Ann’s mother never once said anything about her father’s behavior. She turned her opinions to other matters. She served the food and as the three of them began to eat Mrs. Grant’s stiff face relaxed and she talked. The current of her talk floated them through dinner. Ann did not always understand her innuendos—and did not ask. It gave Mrs. Grant a sort of dim glow to talk about what was happening in the neighborhood, what parties her clients had attended, who came into the shop that day. She got a faraway look harkening back to her days at parties and hinted at beaux and her desirability before she’d met Edgar Grant but strangely never mentioned Randall Pingree. She told Ann to sit up straight. They used to dance till all hours. She’d found some good lampshades at Mamie Sturges’, Ed had a piece of potato on his chin, they were a little expensive but something of good quality lasted and it was worth it for pretty things. Ed Grant nodded along with the hum of
her voice, he looked up at her, grateful that everything was being looked after and he went back to eating his stew.

The smell of bacon, the kitchen door. Ann Grant was nearly knocked over by a golden retriever as she opened the screen. Can Wallis come in? she said as the dog shot through the kitchen and disappeared inside.

The Wittenborns’ dining room was large with a sideboard and built-in shelves with blue and white Canton china, but at breakfast time they ate in the kitchen, crowding around the beaten linoleum table. Off the kitchen was a honeycomb of various pantries and larders and clutter closets growing smaller and darker as they went off to the end of the house. In a narrow closet the size of a coffin Mrs. Wittenborn in a crisp piqué tennis dress held a telephone to her ear. Uh-huh, she said. Uh-huh, uh-huh. Right. Uh-huh uh-huh-uh-huh … She rubbed her cheek nodding. Mmm-hmmm, mmm-hmmm.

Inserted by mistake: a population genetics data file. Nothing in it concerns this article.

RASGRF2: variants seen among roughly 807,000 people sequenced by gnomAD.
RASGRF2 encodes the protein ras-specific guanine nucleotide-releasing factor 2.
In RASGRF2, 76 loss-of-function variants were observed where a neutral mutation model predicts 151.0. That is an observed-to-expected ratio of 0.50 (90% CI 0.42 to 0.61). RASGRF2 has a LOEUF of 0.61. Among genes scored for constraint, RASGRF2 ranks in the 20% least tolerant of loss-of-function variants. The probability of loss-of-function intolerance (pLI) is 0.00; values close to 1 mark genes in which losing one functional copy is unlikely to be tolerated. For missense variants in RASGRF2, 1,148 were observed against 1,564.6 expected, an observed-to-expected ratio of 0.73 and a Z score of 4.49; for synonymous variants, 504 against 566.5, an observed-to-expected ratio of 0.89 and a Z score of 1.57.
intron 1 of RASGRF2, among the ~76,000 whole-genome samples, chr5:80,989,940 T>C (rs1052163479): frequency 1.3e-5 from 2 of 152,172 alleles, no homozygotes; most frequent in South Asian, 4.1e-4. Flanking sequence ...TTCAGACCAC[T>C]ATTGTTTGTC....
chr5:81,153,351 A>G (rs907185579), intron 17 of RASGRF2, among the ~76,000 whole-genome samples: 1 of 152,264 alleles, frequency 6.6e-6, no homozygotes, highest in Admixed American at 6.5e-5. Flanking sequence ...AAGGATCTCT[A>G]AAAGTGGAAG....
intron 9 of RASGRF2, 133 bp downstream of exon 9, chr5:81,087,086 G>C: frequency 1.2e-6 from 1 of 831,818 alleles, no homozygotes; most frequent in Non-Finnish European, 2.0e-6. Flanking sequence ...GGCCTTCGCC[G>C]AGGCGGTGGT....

Ann tried to look at everyone equally for Harris Arden was there among them, leaning against the counter with his ankles crossed, holding a cup of coffee. She compared this to the idea of him which occupied her before falling asleep and found him even better in the flesh with his legs longer and his arms it seemed bigger. She caught his eye for the smallest fraction of a second, reaching for a glass of orange juice and knocking it over. Lizzie Tull was there with a sponge, in her tennis whites, already having gotten in a couple of sets that morning.

There’s no wind but we should go anyway, Buddy was saying. He wore pajamas with red piping and a flyer’s cap with the flaps over his ears.

Handsome slippers, Ann said.

Christmas from Lila, he said, and tried to keep back a smile.

Gigi banged on the door, her arms full of bay branches. She was framed in the screen with bits of leaf stuck in her hair.

You look like a painting, said Harris Arden, opening the door.

So he said that sort of thing to other girls. Of course he would.
Why wouldn’t he?

These are for the church, she said, shining at him. Here.

Harris put down his cup and took the branches which turned small in his arms. Gigi reached into an upper cabinet and clattered around.

Ralph Eastman was spooning scrambled eggs onto a plate in front of Ann. Bacon or sausage? he said.

Is that Mrs. Babbage’s apron you have on?

I am the only one she lets wear it, Ralph explained.

Carl and Lila came in. The church is like an oven, he said cheerfully. He wore an old sun hat balanced on top of his head.

Lila was wearing a blue and white striped shirt and red lipstick against her white teeth. Around her was an air of peace. She always had a calm aura around her, but it was particularly striking now in the midst of the wedding preparations which were mounting with symphonic tempo.

BOOK: B0042JSO2G EBOK